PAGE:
I want to start by excusing the title – I am, of course, not implying that you are idiots. I have however been carrying out a lot of interviews recently and I noticed that many people – even some people working in the area of research and international development – get a bit muddled up about different types of research methods. In particular, quite a few people think that ‘quantitative’ research is synonymous with ‘experimental’ research. Not so. In fact, as I have discussed before, qualitative/quantitative and experimental/non-experimental are two different axes. For ease, I have created a wee table to demonstrate this below.
Sorry, I know that this is a deeply nerdy blog post and I promise to try to make the next one more entertaining. On the other hand, at least if you are going to have a job interview with a mean person like me who might ask you to describe different types of research, you now have a handy crib sheet! You are welcome.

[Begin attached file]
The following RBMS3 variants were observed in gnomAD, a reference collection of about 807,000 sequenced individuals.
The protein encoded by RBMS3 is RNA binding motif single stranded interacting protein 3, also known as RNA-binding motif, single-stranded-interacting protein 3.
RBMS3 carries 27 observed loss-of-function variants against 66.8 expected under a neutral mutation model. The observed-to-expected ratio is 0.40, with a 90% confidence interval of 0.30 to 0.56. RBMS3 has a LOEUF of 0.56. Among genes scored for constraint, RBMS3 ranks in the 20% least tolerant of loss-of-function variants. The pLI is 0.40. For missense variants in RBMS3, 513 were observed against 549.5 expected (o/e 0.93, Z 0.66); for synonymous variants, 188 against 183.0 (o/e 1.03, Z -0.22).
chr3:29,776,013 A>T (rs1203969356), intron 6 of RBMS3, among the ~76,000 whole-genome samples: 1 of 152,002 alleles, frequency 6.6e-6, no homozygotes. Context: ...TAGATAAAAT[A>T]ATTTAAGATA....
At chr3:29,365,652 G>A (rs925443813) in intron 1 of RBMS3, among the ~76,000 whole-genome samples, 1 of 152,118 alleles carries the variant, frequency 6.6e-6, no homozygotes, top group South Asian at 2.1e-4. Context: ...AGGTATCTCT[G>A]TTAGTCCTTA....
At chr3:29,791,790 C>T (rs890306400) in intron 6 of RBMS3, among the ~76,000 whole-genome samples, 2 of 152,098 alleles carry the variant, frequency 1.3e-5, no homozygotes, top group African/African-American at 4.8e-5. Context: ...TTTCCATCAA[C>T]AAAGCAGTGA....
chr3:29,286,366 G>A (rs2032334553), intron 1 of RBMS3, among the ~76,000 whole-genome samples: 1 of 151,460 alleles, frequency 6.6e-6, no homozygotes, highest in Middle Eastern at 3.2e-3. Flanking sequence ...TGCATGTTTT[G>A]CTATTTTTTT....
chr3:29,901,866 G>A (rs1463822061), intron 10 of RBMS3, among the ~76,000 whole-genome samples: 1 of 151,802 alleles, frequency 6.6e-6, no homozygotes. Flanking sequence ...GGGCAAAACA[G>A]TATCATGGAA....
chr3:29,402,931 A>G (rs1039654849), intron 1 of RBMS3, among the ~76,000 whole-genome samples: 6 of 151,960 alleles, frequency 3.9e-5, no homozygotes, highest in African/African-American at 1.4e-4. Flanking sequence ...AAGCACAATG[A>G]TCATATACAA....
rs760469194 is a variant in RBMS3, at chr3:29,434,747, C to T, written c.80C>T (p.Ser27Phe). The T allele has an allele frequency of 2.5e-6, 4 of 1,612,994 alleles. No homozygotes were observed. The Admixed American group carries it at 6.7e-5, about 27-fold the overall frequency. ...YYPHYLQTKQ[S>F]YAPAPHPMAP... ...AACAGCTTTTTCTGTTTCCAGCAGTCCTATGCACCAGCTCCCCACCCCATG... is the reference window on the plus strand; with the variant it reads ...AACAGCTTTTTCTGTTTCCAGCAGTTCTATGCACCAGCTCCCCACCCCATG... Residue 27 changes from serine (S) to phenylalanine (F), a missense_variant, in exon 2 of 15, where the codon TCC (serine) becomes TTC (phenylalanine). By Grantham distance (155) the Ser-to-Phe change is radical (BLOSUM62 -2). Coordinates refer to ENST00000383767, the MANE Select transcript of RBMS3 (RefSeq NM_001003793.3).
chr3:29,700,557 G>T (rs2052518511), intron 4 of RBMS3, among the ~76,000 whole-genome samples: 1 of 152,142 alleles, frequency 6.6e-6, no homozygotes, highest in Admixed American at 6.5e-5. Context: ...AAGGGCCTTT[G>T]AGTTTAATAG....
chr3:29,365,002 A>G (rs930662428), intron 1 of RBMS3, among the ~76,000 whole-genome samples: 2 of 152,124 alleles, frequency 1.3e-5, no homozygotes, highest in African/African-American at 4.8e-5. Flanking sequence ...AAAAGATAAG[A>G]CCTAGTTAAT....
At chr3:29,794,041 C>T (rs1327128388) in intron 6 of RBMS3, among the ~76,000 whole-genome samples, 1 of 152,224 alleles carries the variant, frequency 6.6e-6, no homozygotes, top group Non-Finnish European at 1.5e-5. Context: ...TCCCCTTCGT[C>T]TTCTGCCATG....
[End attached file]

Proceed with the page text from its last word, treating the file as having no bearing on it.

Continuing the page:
*Non-experimental approaches are also described by some (including DFID – see here) as ‘observational’. However (with thanks to
@UCLanPsychology for pointing this out to me), be aware that this can cause confusion since some people use the term ‘observational’ to describe a way of collecting information (in contrast to other ways such as self-reporting or direct measurement) in both experimental and non-experimental approaches.